set { SetValue(TextProperty, value); }

    /// &lt;summary&gt;
    /// Gets or sets the title of the tile.
    /// This is a dependency property.
    /// &lt;/summary&gt;
    public string Title
        get { return (string)GetValue(TitleProperty); }
        set { SetValue(TitleProperty, value); }

    public DynamicTile()

        DataContext = this;

    /// &lt;summary&gt;
    /// Used to render the contents to a tile
    /// &lt;/summary&gt;
    /// &lt;returns&gt;a &lt;see cref=&quot;StandardTileData&quot;/&gt; with the contents of this control&lt;/returns&gt;
    public StandardTileData ToTile()
        // Need to call these, otherwise the contents aren't rendered correctly.
        this.Measure(new Size(173, 173));
        this.Arrange(new Rect(0, 0, 173, 173));

        // The png encoder is the work of the ImageTools API.
        ExtendedImage tileImaged = this.ToImage();


        var p = new PngEncoder();

        const string tempFileName = &quot;/Shared/ShellContent/tileImage.png&quot;;

        using (IsolatedStorageFile myIsolatedStorage = IsolatedStorageFile.GetUserStoreForApplication())
            if (myIsolatedStorage.FileExists(tempFileName))

            IsolatedStorageFileStream fileStream = myIsolatedStorage.CreateFile(tempFileName);
            p.Encode(tileImaged, fileStream);

        var newTile = new StandardTileData
            Title = Title,
            BackgroundImage =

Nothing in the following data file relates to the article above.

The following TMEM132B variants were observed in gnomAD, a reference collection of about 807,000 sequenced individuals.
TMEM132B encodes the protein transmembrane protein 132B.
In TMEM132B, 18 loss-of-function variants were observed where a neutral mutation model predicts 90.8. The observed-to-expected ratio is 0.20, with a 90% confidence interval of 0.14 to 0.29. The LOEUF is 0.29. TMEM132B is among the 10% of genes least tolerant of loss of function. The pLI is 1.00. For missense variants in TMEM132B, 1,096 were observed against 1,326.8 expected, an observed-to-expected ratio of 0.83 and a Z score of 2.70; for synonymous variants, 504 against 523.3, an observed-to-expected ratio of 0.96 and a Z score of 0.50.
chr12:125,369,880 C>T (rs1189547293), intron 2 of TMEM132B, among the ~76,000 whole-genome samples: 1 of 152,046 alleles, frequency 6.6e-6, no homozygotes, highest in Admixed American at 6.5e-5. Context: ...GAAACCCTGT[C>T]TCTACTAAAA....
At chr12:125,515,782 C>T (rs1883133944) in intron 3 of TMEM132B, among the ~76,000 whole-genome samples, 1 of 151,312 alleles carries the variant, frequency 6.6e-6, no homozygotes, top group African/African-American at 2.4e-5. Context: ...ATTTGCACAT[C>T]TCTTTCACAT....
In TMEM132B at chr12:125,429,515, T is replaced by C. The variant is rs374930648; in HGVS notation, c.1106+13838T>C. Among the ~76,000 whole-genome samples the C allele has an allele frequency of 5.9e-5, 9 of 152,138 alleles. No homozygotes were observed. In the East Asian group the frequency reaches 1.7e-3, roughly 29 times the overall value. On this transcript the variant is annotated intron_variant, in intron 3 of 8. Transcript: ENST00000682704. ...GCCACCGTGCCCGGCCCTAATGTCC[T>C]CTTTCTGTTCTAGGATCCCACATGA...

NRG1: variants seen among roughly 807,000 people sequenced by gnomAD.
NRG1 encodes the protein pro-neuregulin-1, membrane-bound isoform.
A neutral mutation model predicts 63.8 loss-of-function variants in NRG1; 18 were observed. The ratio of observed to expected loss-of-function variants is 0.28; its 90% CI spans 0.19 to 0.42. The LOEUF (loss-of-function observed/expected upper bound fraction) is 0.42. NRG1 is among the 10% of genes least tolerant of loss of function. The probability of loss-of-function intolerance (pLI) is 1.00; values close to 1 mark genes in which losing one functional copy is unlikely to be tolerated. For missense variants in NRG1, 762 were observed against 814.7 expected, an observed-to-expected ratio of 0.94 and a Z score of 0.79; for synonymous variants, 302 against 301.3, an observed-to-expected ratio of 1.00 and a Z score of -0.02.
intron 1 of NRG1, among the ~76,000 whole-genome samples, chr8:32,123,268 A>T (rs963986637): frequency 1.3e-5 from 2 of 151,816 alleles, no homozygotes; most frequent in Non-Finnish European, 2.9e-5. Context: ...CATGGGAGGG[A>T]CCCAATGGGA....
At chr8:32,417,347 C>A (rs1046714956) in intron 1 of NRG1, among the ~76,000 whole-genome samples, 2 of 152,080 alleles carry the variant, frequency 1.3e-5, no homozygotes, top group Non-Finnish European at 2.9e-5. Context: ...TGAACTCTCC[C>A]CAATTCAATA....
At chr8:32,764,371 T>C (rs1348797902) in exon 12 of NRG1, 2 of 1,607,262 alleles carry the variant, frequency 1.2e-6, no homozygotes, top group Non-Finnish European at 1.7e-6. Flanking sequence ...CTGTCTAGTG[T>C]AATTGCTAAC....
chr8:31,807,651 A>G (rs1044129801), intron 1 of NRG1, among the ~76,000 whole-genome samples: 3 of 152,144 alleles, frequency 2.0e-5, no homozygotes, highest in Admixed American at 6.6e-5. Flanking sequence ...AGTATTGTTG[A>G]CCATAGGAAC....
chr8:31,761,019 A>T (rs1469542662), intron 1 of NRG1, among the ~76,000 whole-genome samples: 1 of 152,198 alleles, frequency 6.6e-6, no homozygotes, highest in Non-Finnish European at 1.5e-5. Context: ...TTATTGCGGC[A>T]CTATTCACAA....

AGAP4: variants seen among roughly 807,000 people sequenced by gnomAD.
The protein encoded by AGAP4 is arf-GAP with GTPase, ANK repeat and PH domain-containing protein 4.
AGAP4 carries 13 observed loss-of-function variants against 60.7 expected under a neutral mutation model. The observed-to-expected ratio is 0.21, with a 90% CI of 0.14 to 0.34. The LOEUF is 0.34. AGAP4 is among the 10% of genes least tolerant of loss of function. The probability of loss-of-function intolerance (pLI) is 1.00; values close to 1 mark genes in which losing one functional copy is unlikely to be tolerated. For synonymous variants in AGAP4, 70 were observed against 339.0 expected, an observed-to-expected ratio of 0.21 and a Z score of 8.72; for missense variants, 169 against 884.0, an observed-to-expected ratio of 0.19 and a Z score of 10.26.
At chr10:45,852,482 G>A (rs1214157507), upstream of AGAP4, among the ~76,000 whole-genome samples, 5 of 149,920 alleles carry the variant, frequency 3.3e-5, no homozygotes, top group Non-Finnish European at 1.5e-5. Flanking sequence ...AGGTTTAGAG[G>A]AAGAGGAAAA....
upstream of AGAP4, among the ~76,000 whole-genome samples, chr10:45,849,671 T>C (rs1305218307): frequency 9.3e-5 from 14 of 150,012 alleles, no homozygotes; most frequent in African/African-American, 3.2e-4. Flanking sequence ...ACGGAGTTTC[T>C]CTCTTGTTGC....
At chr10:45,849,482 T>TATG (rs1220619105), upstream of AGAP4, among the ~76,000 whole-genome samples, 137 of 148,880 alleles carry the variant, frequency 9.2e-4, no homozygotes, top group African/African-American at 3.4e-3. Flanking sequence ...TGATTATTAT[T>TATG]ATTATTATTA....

new Uri(&quot;isostore:&quot; + tempFileName, UriKind.RelativeOrAbsolute)

        return newTile;


In this code, we have a couple of dependency properties (for data binding) and a method to transform the user control into a tile. The difference here is that most guides use the built in JPEG manipulation tools for setting the tile image. But remember I said we are doing a Microsoft style tile with transparency. To get that transparency, we’ll need a PNG image. Saving to PNG is not built into the platform, so I used a 3rd party piece of software called ImageTools ( that will handle the PNG manipulation.

ImageTools provides an extension method “ToImage()” that takes a UIElement and transforms it into an ExtendedImage (which is part of the ImageTools). Then, using that ExtendedImage, we use the PNG encoder to save the image to IsolatedStorage; the image URI is then given to the tile. The other piece of code that is imperative is:

[sourcecode language=“csharp”] this.Measure(new Size(173, 173)); this.Arrange(new Rect(0, 0, 173, 173)); [/sourcecode]

If that’s not in there the elements will render, but not where they should be. So don’t forget those.

Dropping in the Tile

Now, to actually create the tile, we’ll use this code:

[sourcecode language=“csharp”] var mySweetDynamicTile = new DynamicTile { Text = textCount.Text, Title = textCount.Text, Background = new SolidColorBrush(Colors.Purple) };

// Retrieve the contents of the tile as a StandardTileData var newTile = mySweetDynamicTile.ToTile();

// Use the new tile as the primary tile for this app. ShellTile primaryTile = ShellTile.ActiveTiles.First();

if (primaryTile != null) { primaryTile.Update(newTile); } [/sourcecode]

That code instantiates a DynamicTile, sets the title, text, and background color, then asks DynamicTile to create a tile of itself. That tile is then set as the primary tile and, voila, the tile of our app is now set to a dynamic, transparent, tile with Microsoft style numbering. There’s a lot you could do to customize this solution. For example, I used a solid color brush, but there’s nothing stopping you from creating an image brush or a gradient brush. Setting a transparent background (no background, basically), will allow the phone’s accent color to show through.

End Result

Tile Image created by MySuperTile Bam. There you go. No nasty code. Transparent. Beautiful.

A sample project with all the source code is available here.

Comments or Questions? Let me know. Don’t forget to follow me on twitter (@kenstone).